Bank Underwriter: Job Duties, Occupational Outlook, and Education Requirements

Explore the career requirements for a bank underwriter. Get the facts about education, certification options and employment outlook to determine if this is the right career for you. Schools offering Finance degrees can also be found in these popular choices.

What is a Bank Underwriter?

Bank underwriters use financial data, credit reports and records research to decide if loan applications should be approved. This involves meeting with applicants to gather information and answer questions. These question often regard the different types of loans available, payment options and terms. Bank underwriters are also responsible for insuring that loan agreements meet state and federal regulations. The following chart provides an overview of what you need to know about entering this field.

Degree Required Bachelor's degree
Education Field of Study Finance, business
Key Responsibilities Verify loan applicant information and evaluate applicant's ability to repay
Licensure/Certification Licensure is required to process loans; certification is optional
Job Growth (2014-2024) 8% (for all loan officers)*
Median Salary (2015) $63,430 (for all loan officers)*

Source: *U.S. Bureau of Labor Statistics

What Are My Job Duties as a Bank Underwriter?

Individuals apply for loans to purchase houses, cars, equipment or other merchandise. Company owners seek loans for expansion, renovation, relocation, new inventory or equipment upgrades. As a bank underwriter, you're a specialized loan officer who investigates a loan applicant's reported financial information. Your main duties are to verify that all information provided is accurate and up-to-date, and that the applicant has the financial ability to repay the loan in full.

It will also be your responsibility to consider if the loan amount requested is suitable for the applicant's financial situation and if there are other loan options that may be more appropriate. You may also help design the terms of mergers and acquisition as well as suggest whether applicants should seek debt management counseling.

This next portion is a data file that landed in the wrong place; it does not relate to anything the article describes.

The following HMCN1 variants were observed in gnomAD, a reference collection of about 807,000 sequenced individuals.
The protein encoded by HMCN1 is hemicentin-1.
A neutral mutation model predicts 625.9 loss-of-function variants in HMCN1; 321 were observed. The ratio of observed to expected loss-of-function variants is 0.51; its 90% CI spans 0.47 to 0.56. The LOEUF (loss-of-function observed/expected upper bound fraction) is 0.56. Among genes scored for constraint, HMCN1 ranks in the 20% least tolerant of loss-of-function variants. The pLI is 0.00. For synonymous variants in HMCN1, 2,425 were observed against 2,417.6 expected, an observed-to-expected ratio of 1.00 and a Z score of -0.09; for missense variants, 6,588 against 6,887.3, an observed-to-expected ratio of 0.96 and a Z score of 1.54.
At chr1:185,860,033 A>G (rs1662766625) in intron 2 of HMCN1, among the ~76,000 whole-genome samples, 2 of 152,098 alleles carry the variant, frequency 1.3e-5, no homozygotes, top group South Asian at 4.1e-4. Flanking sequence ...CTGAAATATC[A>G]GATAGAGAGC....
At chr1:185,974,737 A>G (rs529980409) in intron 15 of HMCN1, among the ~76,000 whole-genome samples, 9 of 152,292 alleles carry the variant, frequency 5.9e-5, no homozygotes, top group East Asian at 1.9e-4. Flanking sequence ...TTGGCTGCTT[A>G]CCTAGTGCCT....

When working with applicants who are denied traditional loans, you may need to explain the reasons for the denial, including any restrictions imposed by lender. You'll learn how to use underwriting software to retrieve an applicant's credit history. For more complex loans, you may have to review financial statements and determine what collateral is needed or allowed. You may also be expected to solicit commercial loans from prospective companies.

What Is the Occupational Outlook?

According to the U.S. Bureau of Labor Statistics (BLS), employment of bank underwriters was expected to grow by eight percent between 2014 and 2024, which is fast as average for all occupations (www.bls.gov). This growth may be driven by economic development and population increases. Your top paying employers are securities and commodity contracts intermediation and brokerage firms; other financial institutions; and management, scientific and technical consulting services. The BLS also reported that loan officers, who include bank underwriters, earned a median yearly salary of $63,430 in May 2015.

What Education Requirements Are Needed?

Some underwriting positions require only a high school diploma and on-the-job training, but a college degree is often required if you want to work on commercial loans. You can improve your career opportunities with a bachelor's degree in finance, economics or accounting. Your coursework should include classes in macroeconomics, microeconomics, risk management, game theory, accounting systems and statistics. Employers also may prefer that you possess sales experience and knowledge of computers and software.

Seek Certification

For continued education and to enhance your career advancement opportunities, you may seek certification programs such as the loan review certificate program offered by the Bank Administration Institute (www.bai.org). If you work with mortgage loans, then you may need to meet licensing requirements. You may also pursue the certified mortgage banker designation through the Mortgage Bankers Association. This certification requires three years of professional experience, passage of an exam and continuing education credits.

What Are Some Related Alternative Careers?

A few careers that are closely related to bank underwriting include financial analyst, financial examiners, financial managers and personal financial advisers. Financial analyst assess the performance of stocks, bonds and other investments, then use that knowledge to provide guidance to businesses and individuals making investment decisions. Financial examiners evaluate balance sheets, risk levels of loans and bank management to ensure compliance with state and federal laws. Financial managers produce financial reports, direct investment activities and develop strategies for investors. Personal financial advisers give individuals advice on investments, retirement founds, college founds and other financial decisions.

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